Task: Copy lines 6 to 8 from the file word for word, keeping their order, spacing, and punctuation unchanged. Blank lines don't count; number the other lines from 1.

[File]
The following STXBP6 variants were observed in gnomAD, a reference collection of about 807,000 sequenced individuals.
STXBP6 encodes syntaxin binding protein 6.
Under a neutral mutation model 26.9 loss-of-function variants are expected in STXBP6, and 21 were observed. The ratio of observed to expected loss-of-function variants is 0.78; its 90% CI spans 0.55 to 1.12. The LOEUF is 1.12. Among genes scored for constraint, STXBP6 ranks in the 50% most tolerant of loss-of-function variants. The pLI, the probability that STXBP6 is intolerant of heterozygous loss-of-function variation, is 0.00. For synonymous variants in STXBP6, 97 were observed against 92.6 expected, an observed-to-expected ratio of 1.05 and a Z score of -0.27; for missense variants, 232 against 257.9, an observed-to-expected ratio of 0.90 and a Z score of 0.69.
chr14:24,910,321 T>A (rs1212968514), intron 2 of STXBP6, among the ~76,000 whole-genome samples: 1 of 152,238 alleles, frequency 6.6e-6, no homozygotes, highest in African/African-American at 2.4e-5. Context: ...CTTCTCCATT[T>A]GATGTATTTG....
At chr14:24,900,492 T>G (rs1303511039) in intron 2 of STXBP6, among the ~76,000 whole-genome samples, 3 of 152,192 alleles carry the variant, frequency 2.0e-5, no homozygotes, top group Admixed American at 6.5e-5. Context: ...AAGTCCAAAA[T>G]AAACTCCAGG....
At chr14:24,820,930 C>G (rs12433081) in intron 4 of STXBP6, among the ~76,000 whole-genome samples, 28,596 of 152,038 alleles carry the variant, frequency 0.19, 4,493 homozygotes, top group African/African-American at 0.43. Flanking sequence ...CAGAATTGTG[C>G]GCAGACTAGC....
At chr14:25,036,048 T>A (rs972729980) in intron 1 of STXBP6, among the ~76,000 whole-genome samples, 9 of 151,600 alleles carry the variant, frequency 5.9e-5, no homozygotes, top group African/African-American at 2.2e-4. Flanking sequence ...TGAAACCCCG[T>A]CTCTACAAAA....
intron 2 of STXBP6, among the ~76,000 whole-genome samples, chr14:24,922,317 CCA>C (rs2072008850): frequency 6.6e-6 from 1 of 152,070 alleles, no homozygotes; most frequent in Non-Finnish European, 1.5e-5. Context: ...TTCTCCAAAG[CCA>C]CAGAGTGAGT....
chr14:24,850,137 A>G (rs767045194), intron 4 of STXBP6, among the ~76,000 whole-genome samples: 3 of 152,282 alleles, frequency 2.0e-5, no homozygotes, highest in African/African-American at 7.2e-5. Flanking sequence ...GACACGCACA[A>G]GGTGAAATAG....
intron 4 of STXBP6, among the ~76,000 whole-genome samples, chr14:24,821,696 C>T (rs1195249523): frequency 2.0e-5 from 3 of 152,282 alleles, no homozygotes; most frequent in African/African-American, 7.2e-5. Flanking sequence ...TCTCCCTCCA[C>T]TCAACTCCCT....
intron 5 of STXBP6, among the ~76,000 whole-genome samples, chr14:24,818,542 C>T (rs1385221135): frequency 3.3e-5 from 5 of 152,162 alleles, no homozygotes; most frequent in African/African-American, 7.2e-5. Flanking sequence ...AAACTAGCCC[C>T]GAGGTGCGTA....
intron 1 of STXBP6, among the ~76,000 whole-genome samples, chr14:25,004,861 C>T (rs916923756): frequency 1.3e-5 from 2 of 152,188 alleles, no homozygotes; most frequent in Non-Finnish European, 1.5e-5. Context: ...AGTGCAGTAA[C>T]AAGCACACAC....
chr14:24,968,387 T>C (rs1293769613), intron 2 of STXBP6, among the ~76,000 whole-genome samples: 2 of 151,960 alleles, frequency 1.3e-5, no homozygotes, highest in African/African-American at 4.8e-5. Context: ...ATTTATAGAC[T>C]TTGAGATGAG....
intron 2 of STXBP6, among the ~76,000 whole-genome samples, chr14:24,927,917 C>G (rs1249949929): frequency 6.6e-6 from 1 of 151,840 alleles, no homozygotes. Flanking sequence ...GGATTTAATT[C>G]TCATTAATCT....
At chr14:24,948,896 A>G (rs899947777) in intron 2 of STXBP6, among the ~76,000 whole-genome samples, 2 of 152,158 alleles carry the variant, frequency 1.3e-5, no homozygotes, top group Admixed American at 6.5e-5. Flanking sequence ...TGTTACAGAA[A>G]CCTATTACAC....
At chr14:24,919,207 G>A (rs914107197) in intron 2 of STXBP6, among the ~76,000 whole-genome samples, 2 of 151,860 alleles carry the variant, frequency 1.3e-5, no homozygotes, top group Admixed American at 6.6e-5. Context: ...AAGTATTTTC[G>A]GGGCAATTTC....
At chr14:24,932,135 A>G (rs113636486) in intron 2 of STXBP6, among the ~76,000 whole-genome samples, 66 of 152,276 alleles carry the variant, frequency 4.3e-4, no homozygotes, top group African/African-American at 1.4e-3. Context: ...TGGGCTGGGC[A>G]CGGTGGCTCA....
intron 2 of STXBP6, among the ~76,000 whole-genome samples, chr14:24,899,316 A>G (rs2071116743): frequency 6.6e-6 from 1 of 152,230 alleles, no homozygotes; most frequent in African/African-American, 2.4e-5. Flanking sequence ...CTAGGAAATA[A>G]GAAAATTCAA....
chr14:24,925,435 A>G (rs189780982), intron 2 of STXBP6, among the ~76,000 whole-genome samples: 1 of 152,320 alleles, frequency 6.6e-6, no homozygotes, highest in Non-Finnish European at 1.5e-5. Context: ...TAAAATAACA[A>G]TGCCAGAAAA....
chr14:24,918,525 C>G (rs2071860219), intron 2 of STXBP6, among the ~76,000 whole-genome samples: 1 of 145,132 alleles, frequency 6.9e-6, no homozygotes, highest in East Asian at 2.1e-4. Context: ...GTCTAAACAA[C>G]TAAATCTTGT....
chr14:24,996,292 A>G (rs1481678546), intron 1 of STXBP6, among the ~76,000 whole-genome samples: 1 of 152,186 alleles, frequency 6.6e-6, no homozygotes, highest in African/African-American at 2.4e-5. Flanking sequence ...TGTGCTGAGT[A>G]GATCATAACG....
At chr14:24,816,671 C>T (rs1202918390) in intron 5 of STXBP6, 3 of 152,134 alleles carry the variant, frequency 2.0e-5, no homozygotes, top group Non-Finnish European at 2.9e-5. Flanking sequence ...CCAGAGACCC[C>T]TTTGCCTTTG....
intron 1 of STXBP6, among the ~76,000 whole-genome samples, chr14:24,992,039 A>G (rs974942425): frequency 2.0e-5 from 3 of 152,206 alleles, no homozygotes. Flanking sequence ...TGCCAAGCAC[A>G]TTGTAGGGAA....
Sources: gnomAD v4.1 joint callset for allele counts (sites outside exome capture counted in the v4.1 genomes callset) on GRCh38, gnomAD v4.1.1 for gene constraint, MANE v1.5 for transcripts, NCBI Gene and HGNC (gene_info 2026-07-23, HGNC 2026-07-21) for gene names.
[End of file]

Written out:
At chr14:24,820,930 C>G (rs12433081) in intron 4 of STXBP6, among the ~76,000 whole-genome samples, 28,596 of 152,038 alleles carry the variant, frequency 0.19, 4,493 homozygotes, top group African/African-American at 0.43. Flanking sequence ...CAGAATTGTG[C>G]GCAGACTAGC....
At chr14:25,036,048 T>A (rs972729980) in intron 1 of STXBP6, among the ~76,000 whole-genome samples, 9 of 151,600 alleles carry the variant, frequency 5.9e-5, no homozygotes, top group African/African-American at 2.2e-4. Flanking sequence ...TGAAACCCCG[T>A]CTCTACAAAA....
intron 2 of STXBP6, among the ~76,000 whole-genome samples, chr14:24,922,317 CCA>C (rs2072008850): frequency 6.6e-6 from 1 of 152,070 alleles, no homozygotes; most frequent in Non-Finnish European, 1.5e-5. Context: ...TTCTCCAAAG[CCA>C]CAGAGTGAGT....